It was discovered that ginkgolic acid (GA), an extract from Ginkgo biloba leaves, is capable of inhibiting sumoylation without significantly affecting other cellular processes. The GA directly binds SUMO-activating enzyme (E1) and inhibits the formation of the E1-SUMO intermediate . This inhibitor has been used in previous studies of sumoylation [19, 20]. It has also been established that SUMO-conjugating enzymes are highly sensitive to oxidative stress. Very low/physiological concentrations of H2O2 specifically affect SUMO-conjugating machinery, causing desumoylation before other processes are activated in the cells  . Several studies have provided evidence that sumoylation and phosphorylation interact at multiple levels. A sumoylation-dependent phosphorylation and phosphorylation-dependent sumoylation have been identified [23,24,25], and inhibition of sumoylation by the sumoylation inhibitor GA significantly decreased tyrosine phosphorylation of multiple proteins . In accordance with these data, using immunoprecipitation followed by mass spectrometry identification, we have recently identified several kinases as targets of sumoylation in mouse germ cells (meiotic spermatocytes and spermatids) . We have also observed significant changes in germ cell phosphorylation patterns (including specific phosphorylation events required for meiotic progression) upon inhibition of sumoylation with GA (unpublished data). One of the interesting SUMO targets identified at our published screen was CDK1 kinase, a crucial and indispensable regulator of both mitotic and meiotic G2/M progression [26,27]. An in vitro sumoylation assay supported possible sumoylation of CDK1; and co-immunoprecipitation experiments using mouse germ cell and human HEK cell lysates confirmed possible covalent and non-covalent interactions between CDK1 and SUMO [26,27]. A bioinformatics analysis revealed the presence of the consensus sumoylation site in the amino acid sequence of the mouse but not the human CDK1; However, the alignment of the two sequences revealed a difference in only one amino acid, with a possible target lysine still present at the same position [26,27]. Interestingly, another important cell cycle regulator, CDK2 (not identified by our screen), contained no such sequence. Notably, CDK1 was also identified as a SUMO target in Drosophila embryos, supporting our finding and suggesting a possible conserved role of sumoylation in the regulation of CDK1 activity . Furthermore, in a phosphoproteome screen, CDK1 phosphorylation levels had seemingly decreased upon inhibition of sumoylation with GA . Given the importance of both activating and inhibitory phosphorylation in the regulation of the CDK1 activity, these findings suggest that sumoylation can regulate CDK1 activity during cell cycle progression. However, how the activity of CDK1 is affected by sumoylation is not currently known.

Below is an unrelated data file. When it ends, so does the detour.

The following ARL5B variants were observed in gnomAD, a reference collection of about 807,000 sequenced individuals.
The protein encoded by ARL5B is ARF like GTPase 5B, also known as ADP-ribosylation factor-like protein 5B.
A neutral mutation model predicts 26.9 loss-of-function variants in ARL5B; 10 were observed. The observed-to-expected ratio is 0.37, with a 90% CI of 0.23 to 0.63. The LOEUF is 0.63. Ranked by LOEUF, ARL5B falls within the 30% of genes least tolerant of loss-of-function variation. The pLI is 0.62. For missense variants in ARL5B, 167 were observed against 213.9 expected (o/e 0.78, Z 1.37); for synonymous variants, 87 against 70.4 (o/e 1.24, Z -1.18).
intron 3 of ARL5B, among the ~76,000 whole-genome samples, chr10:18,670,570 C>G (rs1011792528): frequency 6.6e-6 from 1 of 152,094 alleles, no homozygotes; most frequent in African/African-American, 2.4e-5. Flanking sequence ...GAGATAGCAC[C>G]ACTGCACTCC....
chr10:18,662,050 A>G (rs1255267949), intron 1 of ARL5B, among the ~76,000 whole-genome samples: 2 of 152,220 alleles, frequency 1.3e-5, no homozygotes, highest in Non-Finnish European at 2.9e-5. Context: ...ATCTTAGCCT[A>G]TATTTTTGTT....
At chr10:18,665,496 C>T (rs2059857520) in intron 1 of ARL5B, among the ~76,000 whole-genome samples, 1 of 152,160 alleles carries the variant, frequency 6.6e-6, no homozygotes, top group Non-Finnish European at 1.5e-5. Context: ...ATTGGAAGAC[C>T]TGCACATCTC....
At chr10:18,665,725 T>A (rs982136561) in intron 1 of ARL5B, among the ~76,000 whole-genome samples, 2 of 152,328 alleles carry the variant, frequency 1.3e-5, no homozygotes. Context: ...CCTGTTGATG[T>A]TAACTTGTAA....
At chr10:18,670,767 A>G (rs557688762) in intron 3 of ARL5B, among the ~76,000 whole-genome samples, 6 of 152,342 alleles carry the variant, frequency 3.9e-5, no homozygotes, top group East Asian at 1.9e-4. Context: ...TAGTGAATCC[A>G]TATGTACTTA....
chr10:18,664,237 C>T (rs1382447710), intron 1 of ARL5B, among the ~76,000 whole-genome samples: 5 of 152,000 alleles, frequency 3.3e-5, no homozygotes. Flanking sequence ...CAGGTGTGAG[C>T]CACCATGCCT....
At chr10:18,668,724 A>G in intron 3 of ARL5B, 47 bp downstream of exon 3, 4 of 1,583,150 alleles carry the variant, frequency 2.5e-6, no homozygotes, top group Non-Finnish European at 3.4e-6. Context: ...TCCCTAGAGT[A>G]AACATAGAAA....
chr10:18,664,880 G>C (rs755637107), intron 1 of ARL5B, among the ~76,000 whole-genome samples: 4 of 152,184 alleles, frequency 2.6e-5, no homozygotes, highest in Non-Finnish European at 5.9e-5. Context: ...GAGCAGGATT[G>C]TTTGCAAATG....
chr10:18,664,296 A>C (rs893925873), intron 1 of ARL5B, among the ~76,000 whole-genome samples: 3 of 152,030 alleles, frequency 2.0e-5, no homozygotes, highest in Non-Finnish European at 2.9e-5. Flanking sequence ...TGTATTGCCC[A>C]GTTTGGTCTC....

In this study, we performed a series of in vitro experiments to inhibit sumoylation by three different means (GA, physiological levels of oxidative stress, and using an siRNA approach) and assessed the changes in CDK1 activity using specific antibodies and a kinase assay. We have also tested for an interaction between SUMO and active or inactive CDK1 isoforms, and, additionally, assessed the status of CDK1-interacting sumoylated proteins upon inhibition of sumoylation.
Our data suggest that inhibition of sumoylation increases the activity of CDK1 probably through changes in the sumoylation status and/or ability of specific sumoylated proteins to bind CDK1 and inhibit its activity.
HEK 293 (ATCC® CRL-1573™) cells and the type B spermatogonia-derived GC1 (ATCC® CRL2053™; ) cells were purchased from ATCC (Manassas, VA) and grown in DMEM media (11995-065, Life Technologies, Carlsbad, CA) with 5% fetal bovine serum (FBS, 16140-071, Life Technologies), 5% bovine growth serum (SH3054103HI, Fisher Scientific, Carlsbad, CA), 1% penicillin/streptomycin (15140-122, Life Technologies), and 0.5% Fungizone (15290-018, Life Technologies) at 37°C with 5% CO2.
Cells were treated with 200 μM of freshly reconstructed and diluted ginkgolic acid (75741, Sigma-Aldrich, St. Louis, MO or DMSO (Sigma-Aldrich) for 6 hours and 2 μM of H2O2 for 1 hour. The dosage and timing of the treatment were chosen based on previously published data on inhibition of sumoylation and previous studies in our laboratory [19,22].
UBC9 and control siRNAs were purchased from Santa Cruz Biotechnology Inc. (sc-36773 & sc-36869, Dallas, TX). 0.5 × 106 GC1 cells were seeded onto separate 10-cm tissue culture dishes and grown overnight at 5% CO2 and 37°C. 80 pmol of siRNA were transfected into each dish of GC1 cells using Lipofectamine® RNAiMAX Transfection Reagent (13778030, Life Technologies) at a ratio of 0.3 μl of reagent per pmol of siRNA. The transfection procedure followed the manufacturer’s instructions. The cells were subjected to 6 hours of transfection followed by a 48-hour recovery period prior to analysis.